Galapagos talk delivered to Pocklington Probus Club members

Probus Club chairman Chris Dodd, Denise Massey, Gerald Massey and Harold Phillips, who introduced the speakers.
Probus Club chairman Chris Dodd, Denise Massey, Gerald Massey and Harold Phillips, who introduced the speakers.

At the August meeting of Pocklington Probus Club, Denise and Gerald Massey from Driffield provided members with a lively presentation about the volcanic Galapagos Islands.

The islands straddle the equator some 600 miles off the west coast of South America.

Charles Darwin’s 1835 visit to Galapagos had a significant impact of the formation of his theory on the Origin of Species.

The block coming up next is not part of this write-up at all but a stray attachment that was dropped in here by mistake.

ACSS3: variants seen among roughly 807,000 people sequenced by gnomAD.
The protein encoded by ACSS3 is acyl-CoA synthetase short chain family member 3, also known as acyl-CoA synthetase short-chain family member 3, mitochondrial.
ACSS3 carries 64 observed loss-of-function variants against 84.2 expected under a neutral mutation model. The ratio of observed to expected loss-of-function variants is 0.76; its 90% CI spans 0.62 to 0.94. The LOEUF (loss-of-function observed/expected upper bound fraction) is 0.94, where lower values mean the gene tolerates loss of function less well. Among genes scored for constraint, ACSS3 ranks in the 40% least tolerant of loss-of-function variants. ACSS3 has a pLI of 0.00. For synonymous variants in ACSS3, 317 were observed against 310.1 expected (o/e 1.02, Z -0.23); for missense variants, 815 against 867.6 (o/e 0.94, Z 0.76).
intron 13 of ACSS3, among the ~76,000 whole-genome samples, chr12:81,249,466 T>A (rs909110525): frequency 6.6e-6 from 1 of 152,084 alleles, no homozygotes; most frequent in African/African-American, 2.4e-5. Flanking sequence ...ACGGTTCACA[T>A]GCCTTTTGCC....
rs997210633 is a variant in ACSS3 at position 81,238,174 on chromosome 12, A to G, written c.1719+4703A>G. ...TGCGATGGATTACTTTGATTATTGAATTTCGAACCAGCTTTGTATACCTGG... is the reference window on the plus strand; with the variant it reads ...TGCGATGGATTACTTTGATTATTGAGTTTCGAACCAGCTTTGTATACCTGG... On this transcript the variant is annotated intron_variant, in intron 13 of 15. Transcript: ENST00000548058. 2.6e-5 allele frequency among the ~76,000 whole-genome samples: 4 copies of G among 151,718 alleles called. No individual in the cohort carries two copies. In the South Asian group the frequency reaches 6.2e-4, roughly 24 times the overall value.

Denise presented a wide-ranging selection of her photographs while Gerald narrated the story of their fortnight’s visit to the islands in 2016.

As part of a small conducted tour they had been privileged to see many of the islands’ indigenous species of animals, reptiles and birds.

In addition to giant tortoises, weighing 350 kilos and the renowned iguanas, Gerald and Denise also introduced club members to a wide variety of species including the Sally Lightfoot crab, the lesser yellow-legs duck, the frigate bird and the blue-footed booby.

Indeed, it was this last bird that created one of the reasons for their visit.

Denise had been entranced by the dance of the blue-footed booby ever since she had seen it in a Hans and Lotte Hass TV programme some 50 years ago.

Gerald emphasised the huge regeneration programme that Ecuador has undertaken to ensure the islands maintain and enhance their unique range of endangered fauna and flora, including strict control on visitor numbers and the supervision of all access and visits to, the Galapagos.